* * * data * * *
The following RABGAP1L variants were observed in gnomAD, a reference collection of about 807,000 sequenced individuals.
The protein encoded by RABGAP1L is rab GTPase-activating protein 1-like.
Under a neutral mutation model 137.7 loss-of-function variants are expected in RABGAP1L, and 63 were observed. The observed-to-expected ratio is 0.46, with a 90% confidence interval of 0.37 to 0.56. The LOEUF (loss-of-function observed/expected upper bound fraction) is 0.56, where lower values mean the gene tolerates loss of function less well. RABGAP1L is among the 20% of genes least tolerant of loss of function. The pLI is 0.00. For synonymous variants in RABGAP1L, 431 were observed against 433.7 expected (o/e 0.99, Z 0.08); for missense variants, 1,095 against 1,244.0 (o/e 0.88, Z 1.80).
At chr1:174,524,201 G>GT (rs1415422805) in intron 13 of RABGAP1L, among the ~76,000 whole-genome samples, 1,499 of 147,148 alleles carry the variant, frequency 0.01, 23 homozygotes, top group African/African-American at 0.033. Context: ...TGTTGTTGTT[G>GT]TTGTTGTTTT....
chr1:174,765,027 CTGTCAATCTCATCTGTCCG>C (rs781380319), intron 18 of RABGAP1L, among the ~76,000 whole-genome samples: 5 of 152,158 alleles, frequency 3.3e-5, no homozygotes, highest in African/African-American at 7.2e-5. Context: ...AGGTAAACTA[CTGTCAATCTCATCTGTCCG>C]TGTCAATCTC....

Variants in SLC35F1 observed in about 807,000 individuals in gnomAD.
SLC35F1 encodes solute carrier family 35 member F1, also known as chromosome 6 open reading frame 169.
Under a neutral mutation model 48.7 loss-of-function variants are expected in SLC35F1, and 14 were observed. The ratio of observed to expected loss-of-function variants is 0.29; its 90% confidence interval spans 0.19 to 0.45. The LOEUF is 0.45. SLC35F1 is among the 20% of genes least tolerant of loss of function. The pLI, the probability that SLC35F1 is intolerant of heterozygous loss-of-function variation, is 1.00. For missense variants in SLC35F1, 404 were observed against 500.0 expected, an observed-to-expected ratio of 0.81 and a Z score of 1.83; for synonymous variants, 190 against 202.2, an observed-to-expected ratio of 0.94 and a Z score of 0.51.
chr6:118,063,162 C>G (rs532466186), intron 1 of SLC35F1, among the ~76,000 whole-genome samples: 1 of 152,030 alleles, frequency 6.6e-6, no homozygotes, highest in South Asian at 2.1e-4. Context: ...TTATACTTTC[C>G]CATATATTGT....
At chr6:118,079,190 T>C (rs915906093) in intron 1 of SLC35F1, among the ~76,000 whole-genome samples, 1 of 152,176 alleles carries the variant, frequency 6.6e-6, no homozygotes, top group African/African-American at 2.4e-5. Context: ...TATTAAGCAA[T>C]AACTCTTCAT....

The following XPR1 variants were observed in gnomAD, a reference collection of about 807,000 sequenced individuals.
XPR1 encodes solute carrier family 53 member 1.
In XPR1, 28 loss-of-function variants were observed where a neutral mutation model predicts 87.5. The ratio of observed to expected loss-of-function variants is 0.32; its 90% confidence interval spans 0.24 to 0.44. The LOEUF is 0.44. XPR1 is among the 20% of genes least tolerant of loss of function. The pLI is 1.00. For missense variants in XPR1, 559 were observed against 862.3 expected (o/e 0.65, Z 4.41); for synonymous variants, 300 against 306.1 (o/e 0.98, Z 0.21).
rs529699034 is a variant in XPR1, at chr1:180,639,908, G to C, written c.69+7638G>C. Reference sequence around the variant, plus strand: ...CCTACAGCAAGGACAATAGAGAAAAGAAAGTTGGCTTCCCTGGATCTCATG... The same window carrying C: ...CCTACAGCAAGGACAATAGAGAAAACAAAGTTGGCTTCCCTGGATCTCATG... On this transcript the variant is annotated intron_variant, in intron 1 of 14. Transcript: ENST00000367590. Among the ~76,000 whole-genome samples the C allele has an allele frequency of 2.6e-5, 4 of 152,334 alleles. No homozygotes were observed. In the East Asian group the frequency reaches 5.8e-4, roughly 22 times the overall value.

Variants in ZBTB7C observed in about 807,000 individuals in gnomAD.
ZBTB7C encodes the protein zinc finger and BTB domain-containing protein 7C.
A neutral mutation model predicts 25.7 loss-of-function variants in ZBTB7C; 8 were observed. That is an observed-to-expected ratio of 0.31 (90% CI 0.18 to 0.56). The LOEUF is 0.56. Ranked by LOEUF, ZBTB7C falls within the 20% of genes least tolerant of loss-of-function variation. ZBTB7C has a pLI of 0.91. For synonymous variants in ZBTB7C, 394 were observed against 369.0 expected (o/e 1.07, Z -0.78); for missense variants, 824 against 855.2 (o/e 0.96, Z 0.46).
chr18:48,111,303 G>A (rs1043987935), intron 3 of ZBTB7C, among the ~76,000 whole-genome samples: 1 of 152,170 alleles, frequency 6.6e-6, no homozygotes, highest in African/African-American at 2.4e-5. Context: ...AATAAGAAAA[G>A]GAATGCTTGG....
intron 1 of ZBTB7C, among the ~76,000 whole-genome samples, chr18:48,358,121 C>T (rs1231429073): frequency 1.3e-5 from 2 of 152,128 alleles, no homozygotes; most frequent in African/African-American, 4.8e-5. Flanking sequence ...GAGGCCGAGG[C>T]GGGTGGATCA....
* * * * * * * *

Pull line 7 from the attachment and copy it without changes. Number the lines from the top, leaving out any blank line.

SLC35F1 encodes solute carrier family 35 member F1, also known as chromosome 6 open reading frame 169.